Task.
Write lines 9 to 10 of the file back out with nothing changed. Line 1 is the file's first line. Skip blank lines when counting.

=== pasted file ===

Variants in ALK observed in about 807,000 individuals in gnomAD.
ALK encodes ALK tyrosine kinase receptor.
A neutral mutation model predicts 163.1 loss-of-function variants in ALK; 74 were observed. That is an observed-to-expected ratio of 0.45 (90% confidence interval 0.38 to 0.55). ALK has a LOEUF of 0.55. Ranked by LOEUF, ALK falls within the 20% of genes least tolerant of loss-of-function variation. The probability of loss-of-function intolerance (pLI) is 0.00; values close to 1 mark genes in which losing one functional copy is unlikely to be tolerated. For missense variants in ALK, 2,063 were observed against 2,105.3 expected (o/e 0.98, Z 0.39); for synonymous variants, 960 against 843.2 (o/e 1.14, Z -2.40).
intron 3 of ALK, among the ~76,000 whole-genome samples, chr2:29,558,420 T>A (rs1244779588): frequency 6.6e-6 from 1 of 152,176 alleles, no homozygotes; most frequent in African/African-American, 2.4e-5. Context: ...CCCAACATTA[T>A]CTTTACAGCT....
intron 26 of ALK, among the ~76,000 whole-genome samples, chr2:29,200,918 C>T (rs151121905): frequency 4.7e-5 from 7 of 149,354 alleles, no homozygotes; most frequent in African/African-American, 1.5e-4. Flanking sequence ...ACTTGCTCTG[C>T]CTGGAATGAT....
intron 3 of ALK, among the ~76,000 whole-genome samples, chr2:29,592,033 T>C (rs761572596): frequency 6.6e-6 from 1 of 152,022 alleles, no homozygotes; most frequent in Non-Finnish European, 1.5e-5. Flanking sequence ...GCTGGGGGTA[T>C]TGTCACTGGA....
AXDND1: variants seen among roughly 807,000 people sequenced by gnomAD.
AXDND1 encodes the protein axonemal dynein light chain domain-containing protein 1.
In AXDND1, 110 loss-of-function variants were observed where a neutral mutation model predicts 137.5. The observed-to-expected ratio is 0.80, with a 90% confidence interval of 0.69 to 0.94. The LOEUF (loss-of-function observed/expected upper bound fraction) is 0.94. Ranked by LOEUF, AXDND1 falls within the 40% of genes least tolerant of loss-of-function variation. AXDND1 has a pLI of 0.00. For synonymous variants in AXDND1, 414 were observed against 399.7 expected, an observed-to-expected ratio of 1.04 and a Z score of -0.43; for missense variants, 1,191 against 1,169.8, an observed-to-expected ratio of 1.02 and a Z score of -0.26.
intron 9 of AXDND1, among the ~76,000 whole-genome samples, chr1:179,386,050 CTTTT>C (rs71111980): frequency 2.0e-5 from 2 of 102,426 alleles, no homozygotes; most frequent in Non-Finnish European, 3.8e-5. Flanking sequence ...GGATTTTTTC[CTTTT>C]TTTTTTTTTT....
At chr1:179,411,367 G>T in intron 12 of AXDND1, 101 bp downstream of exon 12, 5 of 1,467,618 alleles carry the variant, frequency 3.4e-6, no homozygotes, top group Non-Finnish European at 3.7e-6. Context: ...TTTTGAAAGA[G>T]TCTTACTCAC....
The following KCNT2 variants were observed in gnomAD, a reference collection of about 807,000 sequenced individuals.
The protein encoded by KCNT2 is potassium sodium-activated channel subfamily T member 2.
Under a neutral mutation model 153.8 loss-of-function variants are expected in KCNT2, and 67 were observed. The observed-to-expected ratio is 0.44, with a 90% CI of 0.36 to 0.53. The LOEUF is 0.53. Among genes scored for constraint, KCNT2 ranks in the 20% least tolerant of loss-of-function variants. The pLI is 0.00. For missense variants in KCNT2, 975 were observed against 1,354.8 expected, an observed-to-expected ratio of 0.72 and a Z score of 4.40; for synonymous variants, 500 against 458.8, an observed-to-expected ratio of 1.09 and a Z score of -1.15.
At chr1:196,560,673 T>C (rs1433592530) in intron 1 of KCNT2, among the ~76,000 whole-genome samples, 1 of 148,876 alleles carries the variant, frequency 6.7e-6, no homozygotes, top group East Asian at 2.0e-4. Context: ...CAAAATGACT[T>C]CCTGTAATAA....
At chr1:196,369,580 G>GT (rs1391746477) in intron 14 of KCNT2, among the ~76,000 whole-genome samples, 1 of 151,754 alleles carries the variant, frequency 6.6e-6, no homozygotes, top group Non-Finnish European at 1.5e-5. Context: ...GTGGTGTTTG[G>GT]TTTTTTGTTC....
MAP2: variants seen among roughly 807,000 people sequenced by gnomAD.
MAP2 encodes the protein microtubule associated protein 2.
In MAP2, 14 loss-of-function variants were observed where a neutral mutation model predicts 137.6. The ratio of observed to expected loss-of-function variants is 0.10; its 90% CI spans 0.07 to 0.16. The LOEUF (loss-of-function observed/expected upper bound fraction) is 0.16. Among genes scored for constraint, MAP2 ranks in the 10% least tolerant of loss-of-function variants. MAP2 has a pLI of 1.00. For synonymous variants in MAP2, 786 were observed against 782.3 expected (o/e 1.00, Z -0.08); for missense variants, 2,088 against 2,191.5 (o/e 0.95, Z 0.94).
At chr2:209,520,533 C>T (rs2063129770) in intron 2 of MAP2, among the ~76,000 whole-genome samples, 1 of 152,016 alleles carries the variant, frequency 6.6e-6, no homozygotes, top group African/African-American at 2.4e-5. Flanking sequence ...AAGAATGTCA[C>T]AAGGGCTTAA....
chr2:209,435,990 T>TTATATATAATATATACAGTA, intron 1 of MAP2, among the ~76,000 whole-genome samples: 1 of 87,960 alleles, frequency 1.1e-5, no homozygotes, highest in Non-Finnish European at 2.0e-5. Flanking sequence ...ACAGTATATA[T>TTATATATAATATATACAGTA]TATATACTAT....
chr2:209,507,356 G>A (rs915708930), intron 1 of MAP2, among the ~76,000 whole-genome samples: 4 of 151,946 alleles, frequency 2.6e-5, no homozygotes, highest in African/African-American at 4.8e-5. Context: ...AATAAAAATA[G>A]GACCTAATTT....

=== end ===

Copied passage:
In AXDND1, 110 loss-of-function variants were observed where a neutral mutation model predicts 137.5. The observed-to-expected ratio is 0.80, with a 90% confidence interval of 0.69 to 0.94. The LOEUF (loss-of-function observed/expected upper bound fraction) is 0.94. Ranked by LOEUF, AXDND1 falls within the 40% of genes least tolerant of loss-of-function variation. AXDND1 has a pLI of 0.00. For synonymous variants in AXDND1, 414 were observed against 399.7 expected, an observed-to-expected ratio of 1.04 and a Z score of -0.43; for missense variants, 1,191 against 1,169.8, an observed-to-expected ratio of 1.02 and a Z score of -0.26.
intron 9 of AXDND1, among the ~76,000 whole-genome samples, chr1:179,386,050 CTTTT>C (rs71111980): frequency 2.0e-5 from 2 of 102,426 alleles, no homozygotes; most frequent in Non-Finnish European, 3.8e-5. Flanking sequence ...GGATTTTTTC[CTTTT>C]TTTTTTTTTT....